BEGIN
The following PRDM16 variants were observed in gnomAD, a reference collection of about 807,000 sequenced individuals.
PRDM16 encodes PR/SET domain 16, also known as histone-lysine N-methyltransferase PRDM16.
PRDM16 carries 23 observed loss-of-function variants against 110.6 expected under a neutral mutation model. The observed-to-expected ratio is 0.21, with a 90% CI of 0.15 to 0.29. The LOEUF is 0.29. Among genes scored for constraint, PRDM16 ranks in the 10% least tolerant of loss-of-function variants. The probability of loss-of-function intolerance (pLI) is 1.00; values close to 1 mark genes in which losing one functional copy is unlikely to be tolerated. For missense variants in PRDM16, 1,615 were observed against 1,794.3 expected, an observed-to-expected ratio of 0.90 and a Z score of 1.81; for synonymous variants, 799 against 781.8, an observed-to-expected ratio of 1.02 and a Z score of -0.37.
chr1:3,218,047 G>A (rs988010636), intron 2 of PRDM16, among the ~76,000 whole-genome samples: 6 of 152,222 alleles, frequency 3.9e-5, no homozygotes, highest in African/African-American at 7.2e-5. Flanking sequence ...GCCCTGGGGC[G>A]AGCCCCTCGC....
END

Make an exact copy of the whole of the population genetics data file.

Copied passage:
The following PRDM16 variants were observed in gnomAD, a reference collection of about 807,000 sequenced individuals.
PRDM16 encodes PR/SET domain 16, also known as histone-lysine N-methyltransferase PRDM16.
PRDM16 carries 23 observed loss-of-function variants against 110.6 expected under a neutral mutation model. The observed-to-expected ratio is 0.21, with a 90% CI of 0.15 to 0.29. The LOEUF is 0.29. Among genes scored for constraint, PRDM16 ranks in the 10% least tolerant of loss-of-function variants. The probability of loss-of-function intolerance (pLI) is 1.00; values close to 1 mark genes in which losing one functional copy is unlikely to be tolerated. For missense variants in PRDM16, 1,615 were observed against 1,794.3 expected, an observed-to-expected ratio of 0.90 and a Z score of 1.81; for synonymous variants, 799 against 781.8, an observed-to-expected ratio of 1.02 and a Z score of -0.37.
chr1:3,218,047 G>A (rs988010636), intron 2 of PRDM16, among the ~76,000 whole-genome samples: 6 of 152,222 alleles, frequency 3.9e-5, no homozygotes, highest in African/African-American at 7.2e-5. Flanking sequence ...GCCCTGGGGC[G>A]AGCCCCTCGC....